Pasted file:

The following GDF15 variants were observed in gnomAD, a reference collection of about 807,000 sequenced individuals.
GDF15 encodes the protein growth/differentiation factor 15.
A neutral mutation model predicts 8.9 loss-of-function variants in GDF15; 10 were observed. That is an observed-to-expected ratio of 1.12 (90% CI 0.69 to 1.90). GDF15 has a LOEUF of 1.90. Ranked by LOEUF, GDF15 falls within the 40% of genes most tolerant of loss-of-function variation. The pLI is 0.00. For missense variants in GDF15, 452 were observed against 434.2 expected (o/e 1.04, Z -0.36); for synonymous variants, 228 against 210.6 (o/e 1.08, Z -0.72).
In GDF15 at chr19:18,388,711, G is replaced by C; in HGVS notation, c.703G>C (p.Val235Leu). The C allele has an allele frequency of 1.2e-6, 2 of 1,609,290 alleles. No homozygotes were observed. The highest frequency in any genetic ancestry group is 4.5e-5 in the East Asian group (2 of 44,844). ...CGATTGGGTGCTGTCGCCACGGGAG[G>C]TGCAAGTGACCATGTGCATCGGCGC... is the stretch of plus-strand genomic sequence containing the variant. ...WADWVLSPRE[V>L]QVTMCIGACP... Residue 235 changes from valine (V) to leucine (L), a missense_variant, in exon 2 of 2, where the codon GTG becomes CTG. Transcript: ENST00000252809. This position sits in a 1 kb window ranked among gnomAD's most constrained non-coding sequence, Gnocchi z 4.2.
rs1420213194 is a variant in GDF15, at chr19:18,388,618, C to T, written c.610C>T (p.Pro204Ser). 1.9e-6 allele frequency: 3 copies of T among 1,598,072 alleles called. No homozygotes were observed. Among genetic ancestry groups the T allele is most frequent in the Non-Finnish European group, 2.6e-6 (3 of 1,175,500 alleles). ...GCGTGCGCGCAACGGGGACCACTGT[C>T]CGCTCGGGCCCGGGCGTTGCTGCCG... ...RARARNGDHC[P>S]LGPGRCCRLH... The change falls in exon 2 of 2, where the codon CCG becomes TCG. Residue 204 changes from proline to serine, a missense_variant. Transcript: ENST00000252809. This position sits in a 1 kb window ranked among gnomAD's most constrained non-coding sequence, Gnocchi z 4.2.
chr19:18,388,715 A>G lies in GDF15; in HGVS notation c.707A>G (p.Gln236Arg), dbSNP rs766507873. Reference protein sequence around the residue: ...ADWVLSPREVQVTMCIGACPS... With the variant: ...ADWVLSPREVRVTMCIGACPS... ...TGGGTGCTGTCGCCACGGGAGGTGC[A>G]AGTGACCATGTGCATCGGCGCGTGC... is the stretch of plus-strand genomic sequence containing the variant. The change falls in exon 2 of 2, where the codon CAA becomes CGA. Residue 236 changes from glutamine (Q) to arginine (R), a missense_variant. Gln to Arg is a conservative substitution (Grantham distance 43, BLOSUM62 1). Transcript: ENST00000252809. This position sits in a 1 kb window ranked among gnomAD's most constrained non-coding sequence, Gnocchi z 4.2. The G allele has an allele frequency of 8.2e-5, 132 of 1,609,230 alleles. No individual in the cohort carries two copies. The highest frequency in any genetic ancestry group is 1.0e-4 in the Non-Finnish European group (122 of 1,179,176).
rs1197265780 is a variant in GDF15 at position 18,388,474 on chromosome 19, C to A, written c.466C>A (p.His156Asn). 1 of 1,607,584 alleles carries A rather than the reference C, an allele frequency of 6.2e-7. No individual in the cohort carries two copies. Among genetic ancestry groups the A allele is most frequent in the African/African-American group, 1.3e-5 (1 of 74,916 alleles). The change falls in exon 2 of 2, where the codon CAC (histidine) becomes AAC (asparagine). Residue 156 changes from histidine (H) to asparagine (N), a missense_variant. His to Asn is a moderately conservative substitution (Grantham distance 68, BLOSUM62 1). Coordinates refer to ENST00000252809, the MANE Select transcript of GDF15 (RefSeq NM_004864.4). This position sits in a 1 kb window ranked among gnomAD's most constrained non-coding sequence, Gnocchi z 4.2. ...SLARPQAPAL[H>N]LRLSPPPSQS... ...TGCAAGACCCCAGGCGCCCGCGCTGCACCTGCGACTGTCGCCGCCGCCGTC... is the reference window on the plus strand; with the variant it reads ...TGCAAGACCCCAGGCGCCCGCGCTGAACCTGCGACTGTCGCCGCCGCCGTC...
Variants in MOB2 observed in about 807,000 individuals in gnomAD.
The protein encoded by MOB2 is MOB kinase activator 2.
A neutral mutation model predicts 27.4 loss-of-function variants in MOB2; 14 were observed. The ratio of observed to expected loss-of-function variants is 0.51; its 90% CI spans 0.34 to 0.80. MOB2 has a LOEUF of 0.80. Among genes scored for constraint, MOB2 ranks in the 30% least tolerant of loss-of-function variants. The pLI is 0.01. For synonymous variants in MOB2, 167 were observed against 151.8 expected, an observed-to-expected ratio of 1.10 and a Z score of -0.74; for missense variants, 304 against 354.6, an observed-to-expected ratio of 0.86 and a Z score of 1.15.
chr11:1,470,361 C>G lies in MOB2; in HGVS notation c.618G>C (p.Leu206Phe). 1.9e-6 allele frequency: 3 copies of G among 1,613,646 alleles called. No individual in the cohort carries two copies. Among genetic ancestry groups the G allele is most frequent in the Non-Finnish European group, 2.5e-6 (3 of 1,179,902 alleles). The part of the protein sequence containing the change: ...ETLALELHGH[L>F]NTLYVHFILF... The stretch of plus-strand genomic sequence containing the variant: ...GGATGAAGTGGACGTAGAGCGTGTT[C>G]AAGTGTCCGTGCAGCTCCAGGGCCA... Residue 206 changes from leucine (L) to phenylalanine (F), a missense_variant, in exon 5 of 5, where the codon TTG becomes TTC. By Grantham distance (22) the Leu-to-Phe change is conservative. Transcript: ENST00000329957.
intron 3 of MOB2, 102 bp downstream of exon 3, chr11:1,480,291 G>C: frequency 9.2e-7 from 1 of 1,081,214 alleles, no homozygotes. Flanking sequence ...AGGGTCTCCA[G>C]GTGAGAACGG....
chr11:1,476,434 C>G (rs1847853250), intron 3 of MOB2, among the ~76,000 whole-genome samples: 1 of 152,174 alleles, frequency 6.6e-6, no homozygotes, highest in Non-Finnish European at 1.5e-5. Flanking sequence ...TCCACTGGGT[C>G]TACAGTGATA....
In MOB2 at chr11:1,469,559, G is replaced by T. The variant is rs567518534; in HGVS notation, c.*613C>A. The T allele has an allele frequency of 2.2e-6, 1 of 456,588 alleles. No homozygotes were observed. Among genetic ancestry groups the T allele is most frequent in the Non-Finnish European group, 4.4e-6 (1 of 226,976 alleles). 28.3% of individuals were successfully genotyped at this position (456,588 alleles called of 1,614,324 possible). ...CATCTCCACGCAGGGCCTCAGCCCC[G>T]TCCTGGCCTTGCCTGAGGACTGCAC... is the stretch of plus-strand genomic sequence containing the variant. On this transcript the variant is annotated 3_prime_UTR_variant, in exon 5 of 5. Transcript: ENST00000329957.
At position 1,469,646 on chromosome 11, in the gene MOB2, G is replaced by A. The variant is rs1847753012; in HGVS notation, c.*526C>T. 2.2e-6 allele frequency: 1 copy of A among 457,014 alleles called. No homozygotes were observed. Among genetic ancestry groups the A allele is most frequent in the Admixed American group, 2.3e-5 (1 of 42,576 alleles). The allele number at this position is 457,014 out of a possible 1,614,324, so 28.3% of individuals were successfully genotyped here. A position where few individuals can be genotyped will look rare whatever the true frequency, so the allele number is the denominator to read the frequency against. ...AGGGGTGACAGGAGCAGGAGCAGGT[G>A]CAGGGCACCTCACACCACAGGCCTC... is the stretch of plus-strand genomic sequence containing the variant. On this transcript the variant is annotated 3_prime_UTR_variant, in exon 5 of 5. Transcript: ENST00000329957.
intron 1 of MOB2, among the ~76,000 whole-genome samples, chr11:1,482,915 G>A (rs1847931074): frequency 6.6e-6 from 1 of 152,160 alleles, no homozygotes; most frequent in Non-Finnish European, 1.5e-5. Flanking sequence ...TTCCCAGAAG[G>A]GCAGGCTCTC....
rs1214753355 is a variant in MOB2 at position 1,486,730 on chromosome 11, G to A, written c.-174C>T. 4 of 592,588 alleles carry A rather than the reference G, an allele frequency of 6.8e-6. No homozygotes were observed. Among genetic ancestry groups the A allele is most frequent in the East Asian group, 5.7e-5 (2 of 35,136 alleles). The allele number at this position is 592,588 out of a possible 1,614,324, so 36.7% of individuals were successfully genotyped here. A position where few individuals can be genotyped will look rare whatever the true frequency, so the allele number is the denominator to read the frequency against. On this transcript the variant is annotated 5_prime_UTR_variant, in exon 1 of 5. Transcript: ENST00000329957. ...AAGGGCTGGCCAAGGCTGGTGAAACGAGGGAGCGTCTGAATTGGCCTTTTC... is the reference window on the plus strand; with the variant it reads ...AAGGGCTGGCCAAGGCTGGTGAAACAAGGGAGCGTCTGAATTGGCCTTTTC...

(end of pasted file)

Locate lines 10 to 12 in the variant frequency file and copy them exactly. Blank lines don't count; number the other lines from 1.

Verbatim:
A neutral mutation model predicts 27.4 loss-of-function variants in MOB2; 14 were observed. The ratio of observed to expected loss-of-function variants is 0.51; its 90% CI spans 0.34 to 0.80. MOB2 has a LOEUF of 0.80. Among genes scored for constraint, MOB2 ranks in the 30% least tolerant of loss-of-function variants. The pLI is 0.01. For synonymous variants in MOB2, 167 were observed against 151.8 expected, an observed-to-expected ratio of 1.10 and a Z score of -0.74; for missense variants, 304 against 354.6, an observed-to-expected ratio of 0.86 and a Z score of 1.15.
chr11:1,470,361 C>G lies in MOB2; in HGVS notation c.618G>C (p.Leu206Phe). 1.9e-6 allele frequency: 3 copies of G among 1,613,646 alleles called. No individual in the cohort carries two copies. Among genetic ancestry groups the G allele is most frequent in the Non-Finnish European group, 2.5e-6 (3 of 1,179,902 alleles). The part of the protein sequence containing the change: ...ETLALELHGH[L>F]NTLYVHFILF... The stretch of plus-strand genomic sequence containing the variant: ...GGATGAAGTGGACGTAGAGCGTGTT[C>G]AAGTGTCCGTGCAGCTCCAGGGCCA... Residue 206 changes from leucine (L) to phenylalanine (F), a missense_variant, in exon 5 of 5, where the codon TTG becomes TTC. By Grantham distance (22) the Leu-to-Phe change is conservative. Transcript: ENST00000329957.
intron 3 of MOB2, 102 bp downstream of exon 3, chr11:1,480,291 G>C: frequency 9.2e-7 from 1 of 1,081,214 alleles, no homozygotes. Flanking sequence ...AGGGTCTCCA[G>C]GTGAGAACGG....